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Drama
 

Without Evidence

Distributed by: Artist View Entertainment


Reviewed by Melissa Minners

 

            There are times when an actor or actress is so convincing in their role that you are immediately captivated by their performance and want to see more.  Over the years, I’ve amassed a list of actors and actresses’ whose work I’ve followed over the years.  One of those is Angelina Jolie.  I’ve seen and enjoyed most of her movies.  So, when I was running a search for another movie she was in and Without Evidence came up, I was surprised.  Here was an Angelina Jolie movie I hadn’t seen!  Well, you know I just had to get my hands on it to check it out.

            Without Evidence is a  1995 film based on the true story of the murder of Michael Francke on January 17, 1989.  Francke had been the Director of the Oregon Department of Corrections at the time of his death.  The investigation into his murder left much to be desired by many, including Phil Stanford, an Oregon newspaper columnist who co-wrote the screenplay for this film. 

            The movie actually centers around Kevin Francke, Michael’s brother, who has suspicions about the way Michael’s murder case is being handled.  Upset by the police department’s lack of leads and follow-up, Michael moves to the area so he can be closer to the investigation, only to learn that the police are deliberately ignoring valid evidence in support of their own theory.  Kevin, remembering that Michael was worried about corruption within the Oregon Department of Corrections the last time they met, is determined to uncover evidence of a state-wide cover-up of what really happened to his brother on the night of his murder.

            Scott Plank portrays the role of Kevin Francke with the intensity of a man obsessed, yet somehow manages to look sexy at the same time.  Andrew Prine is John Nelson, a television reporter who believes Kevin’s insistent cries of cover-up.  Anna Gunn is Liz Godlove, former girlfriend of Tim Natividad, the man she believes may have actually murdered Michael Francke.  Unfortunately, no one can question this man - his ex-girlfriend had killed him in self-defense a short time after the Francke murder.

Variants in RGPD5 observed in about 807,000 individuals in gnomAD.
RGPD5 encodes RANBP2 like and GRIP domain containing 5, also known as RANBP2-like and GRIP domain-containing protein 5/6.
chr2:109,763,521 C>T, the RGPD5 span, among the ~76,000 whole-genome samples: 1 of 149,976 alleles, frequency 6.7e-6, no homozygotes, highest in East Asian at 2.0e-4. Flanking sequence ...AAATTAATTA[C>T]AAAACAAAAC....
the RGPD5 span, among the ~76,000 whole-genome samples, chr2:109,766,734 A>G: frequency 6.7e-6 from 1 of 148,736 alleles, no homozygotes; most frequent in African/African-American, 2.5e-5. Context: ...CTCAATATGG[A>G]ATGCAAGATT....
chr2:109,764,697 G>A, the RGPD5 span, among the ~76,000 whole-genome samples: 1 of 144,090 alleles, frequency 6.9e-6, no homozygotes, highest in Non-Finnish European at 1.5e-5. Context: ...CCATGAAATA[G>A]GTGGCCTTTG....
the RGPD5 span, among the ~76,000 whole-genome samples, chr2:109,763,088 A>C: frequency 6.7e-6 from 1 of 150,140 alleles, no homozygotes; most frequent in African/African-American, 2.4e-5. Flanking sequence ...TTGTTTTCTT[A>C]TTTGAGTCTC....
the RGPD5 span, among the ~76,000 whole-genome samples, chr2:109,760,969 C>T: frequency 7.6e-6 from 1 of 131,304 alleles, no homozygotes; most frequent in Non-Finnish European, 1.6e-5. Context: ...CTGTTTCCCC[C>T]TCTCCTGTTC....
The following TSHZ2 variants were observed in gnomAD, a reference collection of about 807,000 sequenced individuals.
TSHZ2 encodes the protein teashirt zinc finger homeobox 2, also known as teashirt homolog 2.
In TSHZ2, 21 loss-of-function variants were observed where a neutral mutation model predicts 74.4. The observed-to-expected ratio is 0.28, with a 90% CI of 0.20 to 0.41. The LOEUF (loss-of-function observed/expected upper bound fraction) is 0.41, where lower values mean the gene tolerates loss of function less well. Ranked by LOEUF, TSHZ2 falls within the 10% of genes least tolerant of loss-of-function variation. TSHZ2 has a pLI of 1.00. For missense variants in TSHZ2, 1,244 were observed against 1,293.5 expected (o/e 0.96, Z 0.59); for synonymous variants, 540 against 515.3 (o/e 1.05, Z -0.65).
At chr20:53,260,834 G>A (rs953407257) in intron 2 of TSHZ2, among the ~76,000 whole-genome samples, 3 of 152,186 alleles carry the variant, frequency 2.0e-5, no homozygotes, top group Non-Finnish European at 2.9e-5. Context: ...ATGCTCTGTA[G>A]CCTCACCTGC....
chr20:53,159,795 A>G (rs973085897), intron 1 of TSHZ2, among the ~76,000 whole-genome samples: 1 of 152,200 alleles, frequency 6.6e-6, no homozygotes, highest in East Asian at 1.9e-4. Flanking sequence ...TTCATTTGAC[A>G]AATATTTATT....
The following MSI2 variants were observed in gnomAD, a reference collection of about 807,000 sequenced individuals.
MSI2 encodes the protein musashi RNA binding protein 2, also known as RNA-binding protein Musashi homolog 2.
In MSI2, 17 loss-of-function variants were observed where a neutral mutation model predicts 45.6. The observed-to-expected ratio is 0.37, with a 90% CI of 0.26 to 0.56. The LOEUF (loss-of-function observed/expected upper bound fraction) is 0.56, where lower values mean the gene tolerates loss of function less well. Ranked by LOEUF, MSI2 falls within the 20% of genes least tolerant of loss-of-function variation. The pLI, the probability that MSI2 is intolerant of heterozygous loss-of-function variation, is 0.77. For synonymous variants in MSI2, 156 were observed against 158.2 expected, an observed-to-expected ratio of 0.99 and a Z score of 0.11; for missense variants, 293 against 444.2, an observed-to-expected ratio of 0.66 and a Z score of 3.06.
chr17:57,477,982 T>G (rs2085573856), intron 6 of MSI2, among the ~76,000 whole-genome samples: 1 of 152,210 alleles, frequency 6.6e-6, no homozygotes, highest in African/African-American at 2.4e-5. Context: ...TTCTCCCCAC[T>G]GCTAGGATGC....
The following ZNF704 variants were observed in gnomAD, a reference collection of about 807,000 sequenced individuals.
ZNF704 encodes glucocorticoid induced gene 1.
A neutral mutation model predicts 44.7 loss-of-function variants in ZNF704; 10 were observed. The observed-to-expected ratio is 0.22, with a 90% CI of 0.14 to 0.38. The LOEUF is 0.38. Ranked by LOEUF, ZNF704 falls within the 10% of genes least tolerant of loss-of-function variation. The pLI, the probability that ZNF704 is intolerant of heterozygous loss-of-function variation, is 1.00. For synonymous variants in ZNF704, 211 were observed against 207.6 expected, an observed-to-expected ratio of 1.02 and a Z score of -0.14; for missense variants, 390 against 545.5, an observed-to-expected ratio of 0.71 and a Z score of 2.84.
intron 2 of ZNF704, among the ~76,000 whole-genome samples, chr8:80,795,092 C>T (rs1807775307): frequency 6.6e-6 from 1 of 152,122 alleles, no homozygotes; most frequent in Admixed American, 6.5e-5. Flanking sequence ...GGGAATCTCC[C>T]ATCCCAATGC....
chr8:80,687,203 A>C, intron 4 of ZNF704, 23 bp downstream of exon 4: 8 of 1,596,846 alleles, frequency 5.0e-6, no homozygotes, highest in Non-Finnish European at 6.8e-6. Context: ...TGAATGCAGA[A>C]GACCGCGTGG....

Oh, you’ll remember that I wanted to see this movie because Angeline Jolie was in it.  Without Evidence marks one of Angelina’s early feature film roles.  She portrays Jodie Swearingen, a junkie who may or may not have witnessed Francke’s murder.  Her multiple statements to police name Frank Gable as the killer and she was a key witness in Gable’s trial.  However, statements to Kevin and John Nelson contradict what she stated to police and seem to point toward Natividad.  Unfortunately we don’t get to see much of her - a few scenes in which she shows how masterfully well she can portray a junkie - distracted, freaked out and totally ADD-ish.  A great job on a role that is unfortunately too short for someone of Jolie’s talents.

            Without Evidence, while intriguing as an unsolved mystery (Gable was convicted, but he still claims innocence and has a large following of people who believe his claims), this film plays out as an 80s made-for-television movie.  The film is a tad off visually as though this was created on a very low budget.  The sound is also a bit off.  The story is intriguing, but there is a bit of a Swiss cheese feeling about the whole thing - as if certain parts were left out while others were focused on to make the film more dramatic and appealing to audiences. 

            And then there is the annoying lack of an ending - the film just stops at a certain point without warning.  This is a drama based on a true story.  Why wouldn’t you at least end the film with a few words appearing on the screen like, “Frank Gable was sentenced to life in prison for the murder of Michael Francke on January 17, 1989.  To this date, he still maintains his innocence.  A one million dollar reward has been offered for information about this case…blah, blah, blah.”  Instead, the film simply ends at a scene and the credits role.  One could argue that the film creators wanted movie-goers to have a lack of closure mimicking that of the Francke family, but I doubt these folks were all that clever about this ending.  I think they just didn’t have the imagination or the wherewithal to find a decent way to close the film.

            Without Evidence is one of those films that I actually regret having paid for.  This would have been something I would rather have watched on Lifetime or truTV.  Definitely not worth the money I paid for the DVD…unless that money is used to aide in re-opening the Michael Francke murder case.  You see, although the movie wasn’t exactly up to par, it did serve to convince me of one thing - the man behind bars for this murder may in fact be innocent.  This is the only point on which anyone could call the film Without Evidence a success.

 

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